Not a great day but 46 species is PGNTB(pretty good not too bad).

Thursday, February 21, 2013

Gyrfalcon and Pregnancy

Thanks to the MassBird community for hooking me up with directions to see the Gyrfalcon recently spotted in the Hadley/Amherst area. Now that I have the coordinates in my hot little hand I am faced with a dilemma. My lovely wife will be 38 weeks pregnant. For those of you less learned in the ways of human gestation, this means we're 2 weeks from her due date.

So here is the question: Tomorrow, dare I drive 90 mins from my home and hospital to see the elusive Gyrfalcon? To compound the dilemma my dear wife wants to come along! Now the follow-up question: Dare I drive 90 mins, with my pregnant wife, to see the elusive Gyrfalcon?

I always play it safe but recently I've been made aware of this website that tells you, essentially, what the probability is that you'll have your baby today, or tomorrow, or any day in your pregnancy.  The probability that she will give birth tomorrow is 1.6%. I like those odds!

Thank god for the internet. How else would I justify this reckless disregard for my wife and daughter?  Come on guys; this is the kind of story you tell your kids! "Well there was this Gyrfalcon, a 90 min drive to the Berkshires, and an impending snow storm."  This short story practically writes itself! 

more info to come...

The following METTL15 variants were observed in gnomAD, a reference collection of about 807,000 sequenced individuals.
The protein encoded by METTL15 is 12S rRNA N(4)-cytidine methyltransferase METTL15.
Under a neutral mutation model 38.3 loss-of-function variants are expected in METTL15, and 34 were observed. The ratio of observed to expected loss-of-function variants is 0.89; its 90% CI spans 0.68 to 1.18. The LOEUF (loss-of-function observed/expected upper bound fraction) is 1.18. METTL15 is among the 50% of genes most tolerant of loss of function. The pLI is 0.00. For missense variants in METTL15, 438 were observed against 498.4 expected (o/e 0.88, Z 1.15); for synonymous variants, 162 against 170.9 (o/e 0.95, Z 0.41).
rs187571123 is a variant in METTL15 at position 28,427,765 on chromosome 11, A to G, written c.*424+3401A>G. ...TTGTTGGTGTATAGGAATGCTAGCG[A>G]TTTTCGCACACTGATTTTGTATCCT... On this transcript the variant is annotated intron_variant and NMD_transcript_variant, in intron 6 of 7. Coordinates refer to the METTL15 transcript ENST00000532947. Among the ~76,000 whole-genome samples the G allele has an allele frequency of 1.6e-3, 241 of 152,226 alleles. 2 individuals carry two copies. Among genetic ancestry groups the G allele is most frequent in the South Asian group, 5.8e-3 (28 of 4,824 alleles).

Tuesday, February 19, 2013

Why Massachusetts Birding is the Best...and Worst

I think it become apparent fairly quickly to most of us birders that Massachusetts offers some of the best birding in the country. We really do get an excellent mix of inland and pelagic and tropic and boreal species. Depending on the time of year and distance to the coast one has the opportunity to see an enormous range of species in a wonderful range of habitat. We've all spent those beautiful June mornings walking along the South Shore or those brisk September mornings walking the North. I believe wholeheartedly that the months of May-October cast some kind of spell on the minds of we New Englanders. Those six months somehow erase our memories of the other six. Now I know there are some who'll say, "I love New England winters," and "oh the beauty of a winter's morn."  To you I submit the following photo of myself: